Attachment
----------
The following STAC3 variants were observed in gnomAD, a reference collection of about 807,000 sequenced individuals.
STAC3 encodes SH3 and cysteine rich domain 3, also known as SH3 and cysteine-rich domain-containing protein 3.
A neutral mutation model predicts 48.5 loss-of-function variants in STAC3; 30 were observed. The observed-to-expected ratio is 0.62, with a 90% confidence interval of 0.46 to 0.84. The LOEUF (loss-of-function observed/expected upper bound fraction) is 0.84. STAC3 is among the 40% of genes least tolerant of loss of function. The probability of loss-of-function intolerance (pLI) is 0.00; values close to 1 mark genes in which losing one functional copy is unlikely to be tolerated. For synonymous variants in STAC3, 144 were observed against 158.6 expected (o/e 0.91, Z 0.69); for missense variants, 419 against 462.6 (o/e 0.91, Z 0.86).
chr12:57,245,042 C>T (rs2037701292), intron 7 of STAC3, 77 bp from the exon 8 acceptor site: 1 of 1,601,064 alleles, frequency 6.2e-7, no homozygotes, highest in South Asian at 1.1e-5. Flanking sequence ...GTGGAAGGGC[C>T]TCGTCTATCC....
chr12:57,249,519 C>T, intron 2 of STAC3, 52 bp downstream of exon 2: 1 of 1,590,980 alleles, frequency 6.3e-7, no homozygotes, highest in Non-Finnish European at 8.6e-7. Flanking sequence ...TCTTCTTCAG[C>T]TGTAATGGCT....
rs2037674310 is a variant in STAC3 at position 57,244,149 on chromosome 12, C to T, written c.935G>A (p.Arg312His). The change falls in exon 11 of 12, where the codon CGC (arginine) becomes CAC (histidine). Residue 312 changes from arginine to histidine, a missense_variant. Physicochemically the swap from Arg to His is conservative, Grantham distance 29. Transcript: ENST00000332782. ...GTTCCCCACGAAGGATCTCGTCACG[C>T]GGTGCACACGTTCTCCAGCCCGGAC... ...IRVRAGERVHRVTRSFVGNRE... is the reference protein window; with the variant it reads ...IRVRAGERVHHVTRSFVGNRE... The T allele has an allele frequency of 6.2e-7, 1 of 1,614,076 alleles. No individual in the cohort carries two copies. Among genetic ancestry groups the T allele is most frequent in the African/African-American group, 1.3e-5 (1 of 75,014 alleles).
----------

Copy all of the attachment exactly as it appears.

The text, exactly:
The following STAC3 variants were observed in gnomAD, a reference collection of about 807,000 sequenced individuals.
STAC3 encodes SH3 and cysteine rich domain 3, also known as SH3 and cysteine-rich domain-containing protein 3.
A neutral mutation model predicts 48.5 loss-of-function variants in STAC3; 30 were observed. The observed-to-expected ratio is 0.62, with a 90% confidence interval of 0.46 to 0.84. The LOEUF (loss-of-function observed/expected upper bound fraction) is 0.84. STAC3 is among the 40% of genes least tolerant of loss of function. The probability of loss-of-function intolerance (pLI) is 0.00; values close to 1 mark genes in which losing one functional copy is unlikely to be tolerated. For synonymous variants in STAC3, 144 were observed against 158.6 expected (o/e 0.91, Z 0.69); for missense variants, 419 against 462.6 (o/e 0.91, Z 0.86).
chr12:57,245,042 C>T (rs2037701292), intron 7 of STAC3, 77 bp from the exon 8 acceptor site: 1 of 1,601,064 alleles, frequency 6.2e-7, no homozygotes, highest in South Asian at 1.1e-5. Flanking sequence ...GTGGAAGGGC[C>T]TCGTCTATCC....
chr12:57,249,519 C>T, intron 2 of STAC3, 52 bp downstream of exon 2: 1 of 1,590,980 alleles, frequency 6.3e-7, no homozygotes, highest in Non-Finnish European at 8.6e-7. Flanking sequence ...TCTTCTTCAG[C>T]TGTAATGGCT....
rs2037674310 is a variant in STAC3 at position 57,244,149 on chromosome 12, C to T, written c.935G>A (p.Arg312His). The change falls in exon 11 of 12, where the codon CGC (arginine) becomes CAC (histidine). Residue 312 changes from arginine to histidine, a missense_variant. Physicochemically the swap from Arg to His is conservative, Grantham distance 29. Transcript: ENST00000332782. ...GTTCCCCACGAAGGATCTCGTCACG[C>T]GGTGCACACGTTCTCCAGCCCGGAC... ...IRVRAGERVHRVTRSFVGNRE... is the reference protein window; with the variant it reads ...IRVRAGERVHHVTRSFVGNRE... The T allele has an allele frequency of 6.2e-7, 1 of 1,614,076 alleles. No individual in the cohort carries two copies. Among genetic ancestry groups the T allele is most frequent in the African/African-American group, 1.3e-5 (1 of 75,014 alleles).